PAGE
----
Google’s smart speakers allow contractors for the tech giant to listen to excerpts of private conversations, including some with potentially sensitive information, according to a new investigation from a Belgian public broadcaster.
This news is the lastest in a series of reports about recordings from Big Tech’s in-home devices being accessible to workers. According to VRT NWS, which reviewed more than 1,000 recorded excerpts – 153 of which should not have been recorded because the “OK, Google” command was not given – one contractor said he transcribes around 1,000 audio clips from Google Assistant every week.
However, sometimes the recording can be triggered when someone in the room or nearby utters a word or words that sound like “OK, Google.” The Sundar Pichai-led tech giant calls those instances a “false accept.”
One of the sources who spoke to VRT NWS described a recording in which he “heard a woman who was in definite distress.” Other conversations recorded included those in bedrooms and conversations between parents and children.
Google, as well as other tech companies that have products using speech recognition, invest heavily to make sure products like Assistant work for a wide range of languages and dialects. As part of that work, they partner with language experts across the world to review and transcribe a small set of audio queries – according to the company, only 0.2 percent of all audio snippets – and their reviewers are told not to transcribe any background conversations or other noise.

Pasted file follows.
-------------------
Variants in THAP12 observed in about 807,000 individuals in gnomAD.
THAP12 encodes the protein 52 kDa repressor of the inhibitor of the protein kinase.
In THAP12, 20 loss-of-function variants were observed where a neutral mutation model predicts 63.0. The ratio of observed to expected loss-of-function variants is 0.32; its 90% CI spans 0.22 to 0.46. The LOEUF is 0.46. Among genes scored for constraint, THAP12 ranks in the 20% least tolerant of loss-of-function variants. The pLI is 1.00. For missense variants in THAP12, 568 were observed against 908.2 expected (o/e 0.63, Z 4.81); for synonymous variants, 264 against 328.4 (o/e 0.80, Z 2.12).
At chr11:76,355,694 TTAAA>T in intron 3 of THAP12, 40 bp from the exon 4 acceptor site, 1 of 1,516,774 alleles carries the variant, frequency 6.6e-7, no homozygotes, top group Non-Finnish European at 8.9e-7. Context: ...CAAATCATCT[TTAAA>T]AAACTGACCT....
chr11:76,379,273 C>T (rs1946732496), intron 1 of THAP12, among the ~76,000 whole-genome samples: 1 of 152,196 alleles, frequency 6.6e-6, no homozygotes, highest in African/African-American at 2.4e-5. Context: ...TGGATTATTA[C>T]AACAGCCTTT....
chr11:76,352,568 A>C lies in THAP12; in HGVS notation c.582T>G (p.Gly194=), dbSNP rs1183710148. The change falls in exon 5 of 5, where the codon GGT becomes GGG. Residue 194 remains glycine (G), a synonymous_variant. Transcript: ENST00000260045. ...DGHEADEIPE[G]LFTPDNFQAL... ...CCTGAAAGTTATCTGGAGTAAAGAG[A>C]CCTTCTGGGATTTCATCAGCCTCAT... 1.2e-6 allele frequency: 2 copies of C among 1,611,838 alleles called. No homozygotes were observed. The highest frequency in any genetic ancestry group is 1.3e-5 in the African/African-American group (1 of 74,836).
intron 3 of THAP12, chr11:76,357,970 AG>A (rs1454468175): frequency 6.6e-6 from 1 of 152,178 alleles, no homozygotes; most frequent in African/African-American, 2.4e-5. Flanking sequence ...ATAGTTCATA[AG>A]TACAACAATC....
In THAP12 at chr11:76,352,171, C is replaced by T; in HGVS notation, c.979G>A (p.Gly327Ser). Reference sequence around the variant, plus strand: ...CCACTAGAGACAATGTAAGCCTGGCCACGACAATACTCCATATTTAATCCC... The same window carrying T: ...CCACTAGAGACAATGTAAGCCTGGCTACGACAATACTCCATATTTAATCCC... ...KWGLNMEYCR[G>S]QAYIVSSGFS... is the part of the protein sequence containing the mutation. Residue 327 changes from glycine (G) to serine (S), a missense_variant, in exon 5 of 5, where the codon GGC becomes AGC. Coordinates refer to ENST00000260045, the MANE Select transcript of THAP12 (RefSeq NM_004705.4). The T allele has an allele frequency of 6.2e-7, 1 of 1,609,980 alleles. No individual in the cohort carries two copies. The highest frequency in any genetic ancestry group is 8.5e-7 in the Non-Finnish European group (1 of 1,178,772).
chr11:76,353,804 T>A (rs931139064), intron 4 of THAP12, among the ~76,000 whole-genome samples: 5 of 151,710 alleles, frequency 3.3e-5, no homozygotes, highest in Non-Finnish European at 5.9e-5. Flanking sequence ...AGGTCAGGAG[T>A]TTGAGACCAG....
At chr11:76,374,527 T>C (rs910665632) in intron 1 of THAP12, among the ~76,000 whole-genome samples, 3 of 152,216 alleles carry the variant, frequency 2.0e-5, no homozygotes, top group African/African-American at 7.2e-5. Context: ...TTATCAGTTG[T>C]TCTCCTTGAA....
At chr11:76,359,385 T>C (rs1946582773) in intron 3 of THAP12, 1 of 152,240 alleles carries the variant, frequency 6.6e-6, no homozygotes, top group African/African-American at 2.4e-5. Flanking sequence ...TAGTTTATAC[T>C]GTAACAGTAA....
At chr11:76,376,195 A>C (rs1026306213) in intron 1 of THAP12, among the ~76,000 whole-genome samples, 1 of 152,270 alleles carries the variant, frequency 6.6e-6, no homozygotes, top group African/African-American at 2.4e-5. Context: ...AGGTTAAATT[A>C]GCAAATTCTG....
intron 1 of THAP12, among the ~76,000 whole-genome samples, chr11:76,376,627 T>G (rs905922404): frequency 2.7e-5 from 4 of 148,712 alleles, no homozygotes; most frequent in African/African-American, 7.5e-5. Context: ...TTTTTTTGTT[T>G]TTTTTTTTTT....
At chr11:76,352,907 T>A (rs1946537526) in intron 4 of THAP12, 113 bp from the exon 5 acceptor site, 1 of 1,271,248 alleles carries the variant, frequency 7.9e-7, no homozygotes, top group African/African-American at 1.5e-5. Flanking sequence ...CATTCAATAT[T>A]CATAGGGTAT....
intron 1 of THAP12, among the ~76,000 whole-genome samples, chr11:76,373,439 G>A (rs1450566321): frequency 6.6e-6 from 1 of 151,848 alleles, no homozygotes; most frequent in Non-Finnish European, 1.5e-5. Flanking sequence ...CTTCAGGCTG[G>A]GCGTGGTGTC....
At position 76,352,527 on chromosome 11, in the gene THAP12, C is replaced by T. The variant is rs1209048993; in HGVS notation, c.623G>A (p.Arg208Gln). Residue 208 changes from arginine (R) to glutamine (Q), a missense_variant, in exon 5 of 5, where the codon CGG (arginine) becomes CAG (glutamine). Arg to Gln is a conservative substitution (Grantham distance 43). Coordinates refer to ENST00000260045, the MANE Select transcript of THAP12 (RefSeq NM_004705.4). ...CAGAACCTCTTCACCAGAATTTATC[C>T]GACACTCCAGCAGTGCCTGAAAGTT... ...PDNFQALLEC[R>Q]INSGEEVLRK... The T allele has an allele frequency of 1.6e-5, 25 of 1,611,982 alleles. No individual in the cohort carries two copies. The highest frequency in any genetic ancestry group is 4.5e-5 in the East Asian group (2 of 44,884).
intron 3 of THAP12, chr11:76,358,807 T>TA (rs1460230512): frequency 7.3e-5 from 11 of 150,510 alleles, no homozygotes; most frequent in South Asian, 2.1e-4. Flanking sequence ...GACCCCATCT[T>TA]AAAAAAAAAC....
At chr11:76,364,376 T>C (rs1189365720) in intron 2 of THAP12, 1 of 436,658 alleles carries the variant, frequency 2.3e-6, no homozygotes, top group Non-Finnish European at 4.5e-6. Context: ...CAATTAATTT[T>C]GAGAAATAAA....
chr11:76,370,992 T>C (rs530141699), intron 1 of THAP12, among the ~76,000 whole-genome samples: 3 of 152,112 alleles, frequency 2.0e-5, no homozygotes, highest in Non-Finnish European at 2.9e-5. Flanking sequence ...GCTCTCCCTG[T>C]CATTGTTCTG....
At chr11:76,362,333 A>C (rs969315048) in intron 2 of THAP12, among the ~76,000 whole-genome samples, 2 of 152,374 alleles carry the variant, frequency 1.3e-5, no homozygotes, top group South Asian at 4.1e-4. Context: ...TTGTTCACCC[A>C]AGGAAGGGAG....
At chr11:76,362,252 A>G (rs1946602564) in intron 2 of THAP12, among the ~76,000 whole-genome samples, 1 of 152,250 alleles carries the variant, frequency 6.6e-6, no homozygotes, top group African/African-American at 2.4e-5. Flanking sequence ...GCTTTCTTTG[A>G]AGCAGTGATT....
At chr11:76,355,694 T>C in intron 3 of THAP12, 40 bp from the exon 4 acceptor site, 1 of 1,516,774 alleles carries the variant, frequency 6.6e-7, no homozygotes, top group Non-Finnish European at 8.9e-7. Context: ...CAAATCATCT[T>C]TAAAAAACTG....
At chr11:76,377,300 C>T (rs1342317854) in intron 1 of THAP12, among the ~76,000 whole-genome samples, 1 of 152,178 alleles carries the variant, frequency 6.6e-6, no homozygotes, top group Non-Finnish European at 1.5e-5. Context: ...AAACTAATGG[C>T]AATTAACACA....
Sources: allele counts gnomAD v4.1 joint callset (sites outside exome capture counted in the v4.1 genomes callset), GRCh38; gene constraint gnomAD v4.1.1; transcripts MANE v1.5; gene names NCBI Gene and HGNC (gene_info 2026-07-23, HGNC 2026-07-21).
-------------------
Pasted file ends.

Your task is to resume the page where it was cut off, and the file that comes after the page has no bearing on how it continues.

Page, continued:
Even so, with millions and millions of these devices having been sold, that 0.2 percent could represent a lot of recordings.
The Mountain View, Calif. tech company also said that it applies “a wide range of safeguards to protect user privacy throughout the entire review process,” but also seemed to admit that sometimes those safeguards fail. In the case of this latest report, a Belgian contract worker leaked audio to VRT NWS, in violation of Google’s data security rules.
“We just learned that one of these language reviewers has violated our data security policies by leaking confidential Dutch audio data,” said David Monsees, a product manager on the Google Search team, in the company’s blog post. “Our Security and Privacy Response teams have been activated on this issue, are investigating, and we will take action. We are conducting a full review of our safeguards in this space to prevent misconduct like this from happening again.”
When VRT NWS showed their findings to a cybersecurity expert, he described them as “shocking” and noted that these recordings can technically be made in a range of different places.
There have also been reports that iPhone users could be spied on through a microphone attached to the Apple Watch.